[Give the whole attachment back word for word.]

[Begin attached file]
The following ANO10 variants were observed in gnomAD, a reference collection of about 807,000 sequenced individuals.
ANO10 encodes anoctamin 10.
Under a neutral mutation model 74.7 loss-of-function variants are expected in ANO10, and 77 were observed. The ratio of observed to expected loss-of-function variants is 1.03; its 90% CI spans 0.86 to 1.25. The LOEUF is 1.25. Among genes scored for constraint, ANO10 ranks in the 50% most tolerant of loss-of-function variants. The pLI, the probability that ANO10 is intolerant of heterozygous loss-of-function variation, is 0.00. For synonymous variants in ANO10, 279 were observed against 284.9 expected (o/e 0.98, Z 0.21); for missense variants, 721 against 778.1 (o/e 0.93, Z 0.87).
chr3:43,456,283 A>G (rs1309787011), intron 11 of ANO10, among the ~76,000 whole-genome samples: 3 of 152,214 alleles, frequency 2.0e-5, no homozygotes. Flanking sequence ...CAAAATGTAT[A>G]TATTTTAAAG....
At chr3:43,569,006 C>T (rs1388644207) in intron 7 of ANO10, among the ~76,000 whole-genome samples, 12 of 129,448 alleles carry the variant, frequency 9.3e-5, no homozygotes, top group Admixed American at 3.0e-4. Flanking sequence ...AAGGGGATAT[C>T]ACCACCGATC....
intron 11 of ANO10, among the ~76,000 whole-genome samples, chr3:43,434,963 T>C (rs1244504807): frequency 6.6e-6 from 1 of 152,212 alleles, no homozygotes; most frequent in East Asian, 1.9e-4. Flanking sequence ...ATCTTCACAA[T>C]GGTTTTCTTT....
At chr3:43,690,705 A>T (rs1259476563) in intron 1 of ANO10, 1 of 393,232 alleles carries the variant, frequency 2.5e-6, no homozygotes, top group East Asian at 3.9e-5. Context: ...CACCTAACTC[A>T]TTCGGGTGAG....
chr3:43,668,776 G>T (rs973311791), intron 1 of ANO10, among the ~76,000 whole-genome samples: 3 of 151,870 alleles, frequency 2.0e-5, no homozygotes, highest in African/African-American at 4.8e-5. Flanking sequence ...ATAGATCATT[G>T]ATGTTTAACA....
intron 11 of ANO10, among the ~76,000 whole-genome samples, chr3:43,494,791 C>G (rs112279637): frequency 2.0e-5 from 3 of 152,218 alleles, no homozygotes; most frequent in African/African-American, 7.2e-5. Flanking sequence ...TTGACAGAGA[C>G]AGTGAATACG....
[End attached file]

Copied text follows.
The following ANO10 variants were observed in gnomAD, a reference collection of about 807,000 sequenced individuals.
ANO10 encodes anoctamin 10.
Under a neutral mutation model 74.7 loss-of-function variants are expected in ANO10, and 77 were observed. The ratio of observed to expected loss-of-function variants is 1.03; its 90% CI spans 0.86 to 1.25. The LOEUF is 1.25. Among genes scored for constraint, ANO10 ranks in the 50% most tolerant of loss-of-function variants. The pLI, the probability that ANO10 is intolerant of heterozygous loss-of-function variation, is 0.00. For synonymous variants in ANO10, 279 were observed against 284.9 expected (o/e 0.98, Z 0.21); for missense variants, 721 against 778.1 (o/e 0.93, Z 0.87).
chr3:43,456,283 A>G (rs1309787011), intron 11 of ANO10, among the ~76,000 whole-genome samples: 3 of 152,214 alleles, frequency 2.0e-5, no homozygotes. Flanking sequence ...CAAAATGTAT[A>G]TATTTTAAAG....
At chr3:43,569,006 C>T (rs1388644207) in intron 7 of ANO10, among the ~76,000 whole-genome samples, 12 of 129,448 alleles carry the variant, frequency 9.3e-5, no homozygotes, top group Admixed American at 3.0e-4. Flanking sequence ...AAGGGGATAT[C>T]ACCACCGATC....
intron 11 of ANO10, among the ~76,000 whole-genome samples, chr3:43,434,963 T>C (rs1244504807): frequency 6.6e-6 from 1 of 152,212 alleles, no homozygotes; most frequent in East Asian, 1.9e-4. Flanking sequence ...ATCTTCACAA[T>C]GGTTTTCTTT....
At chr3:43,690,705 A>T (rs1259476563) in intron 1 of ANO10, 1 of 393,232 alleles carries the variant, frequency 2.5e-6, no homozygotes, top group East Asian at 3.9e-5. Context: ...CACCTAACTC[A>T]TTCGGGTGAG....
chr3:43,668,776 G>T (rs973311791), intron 1 of ANO10, among the ~76,000 whole-genome samples: 3 of 151,870 alleles, frequency 2.0e-5, no homozygotes, highest in African/African-American at 4.8e-5. Flanking sequence ...ATAGATCATT[G>T]ATGTTTAACA....
intron 11 of ANO10, among the ~76,000 whole-genome samples, chr3:43,494,791 C>G (rs112279637): frequency 2.0e-5 from 3 of 152,218 alleles, no homozygotes; most frequent in African/African-American, 7.2e-5. Flanking sequence ...TTGACAGAGA[C>G]AGTGAATACG....